For certain applications, nothing. In fact, the circuitry inside most amplifiers uses small capacitors to supply parts of the amplifier with power. However, when you try to use large capacitors in place of a battery (which we now know they are not), they become an additional load on the charging system. Think of it this way: Since the capacitor is designed to dump all of its charge at once, very quickly, every time voltage drops in the system, the capacitor releases all of its energy to try to make up the difference (think - pouring out the entire water bucket in one shot). The problem is, now the capacitor is empty. How is it going to get filled up again? The energy needed to refill the capacitor needs to come from the alternator and the battery. If you recall, this is the same place that power for the amplifier comes from. So now, not only are your battery and alternator being asked to supply the power needed to run the amlifiers, they are also being asked to refill the capacitor. So the charging system now has to work harder - it only has so much energy to give out, and any energy spent refilling the capacitor is not going to your amplfier. It should be obvious that this is not what you want. You want all available system power going to your amplifiers, not being used to refill stiffening capacitors. While they might reduce headlight dimming, they are merely a band-aid fix to the underlying issue, and ARE NOT helping your electrical problems any.
It all comes down to physics. There is no way to cheat with electricity. Adding junk like capacitors and other nonsense to your electrical system does nothing but waste your money. If a capacitor could do the job of a battery, then auto makers would all be using stiffening capacitors to start and power their vehicles. If you aren't convinced, try replacing your battery with a stiffening capacitor and see how well it works.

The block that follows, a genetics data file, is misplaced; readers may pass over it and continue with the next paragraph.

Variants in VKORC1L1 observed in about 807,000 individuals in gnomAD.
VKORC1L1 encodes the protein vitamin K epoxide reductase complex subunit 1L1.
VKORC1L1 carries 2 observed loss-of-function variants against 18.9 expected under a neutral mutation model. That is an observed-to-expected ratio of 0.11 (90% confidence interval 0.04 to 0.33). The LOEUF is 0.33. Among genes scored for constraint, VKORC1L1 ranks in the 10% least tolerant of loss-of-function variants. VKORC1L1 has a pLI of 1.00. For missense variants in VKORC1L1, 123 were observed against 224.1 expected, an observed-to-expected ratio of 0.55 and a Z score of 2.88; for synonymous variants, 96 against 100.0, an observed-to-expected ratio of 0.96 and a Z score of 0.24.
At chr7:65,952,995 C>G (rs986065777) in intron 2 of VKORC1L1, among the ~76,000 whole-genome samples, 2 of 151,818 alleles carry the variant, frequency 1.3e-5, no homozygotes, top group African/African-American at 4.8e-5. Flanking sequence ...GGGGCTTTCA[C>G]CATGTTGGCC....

Stabilizing voltage in an electrical circuit is a factor of using adequate battery power and the correct gauge wiring for the current demands, pure and simple.
Last edited by HsOffRoad; 03-31-2010 at 05:53 PM.
|04-01-2010, 05:20 PM||#9 (permalink)|
Hans speaks the truth. Sticky anyone?
i had a local shop build me a quick amp rack and i asked if they could do the big 3 while they were working on it. of course they never heard of it. and when i described it to them they told me that it wouldnt help because the wire wouldnt create any current to aid my battery. supposedly this guy has been competing in sq competitions for 10yrs now. and also has never heard of CDT. he reminds me of the honda dealers who compliment me on my nice si.......i drive an ex btw
|04-01-2010, 11:38 PM||#12 (permalink)|
Join Date: Apr 2009
Location: Devon, Alberta
iTrader: 2 reviews
|04-01-2010, 11:49 PM||#13 (permalink)|
The guys over at Mising Link Audio (Missing Link Audio) have been working on this problem for quite some time now.
At the moment, the easiest way around the LRC issue is to run a seperate domestic alternator and stand alone regulator in a dual alternator setup.
While not exactly practical for most daily driven vehicles, the dual alternator setup does offer the advantage of being able to run an independent 16V or 18V system for your amplifiers, while retaining 12V operation for other equipment and vehicle functions.
|04-02-2010, 06:19 PM||#15 (permalink)|
Join Date: Oct 2006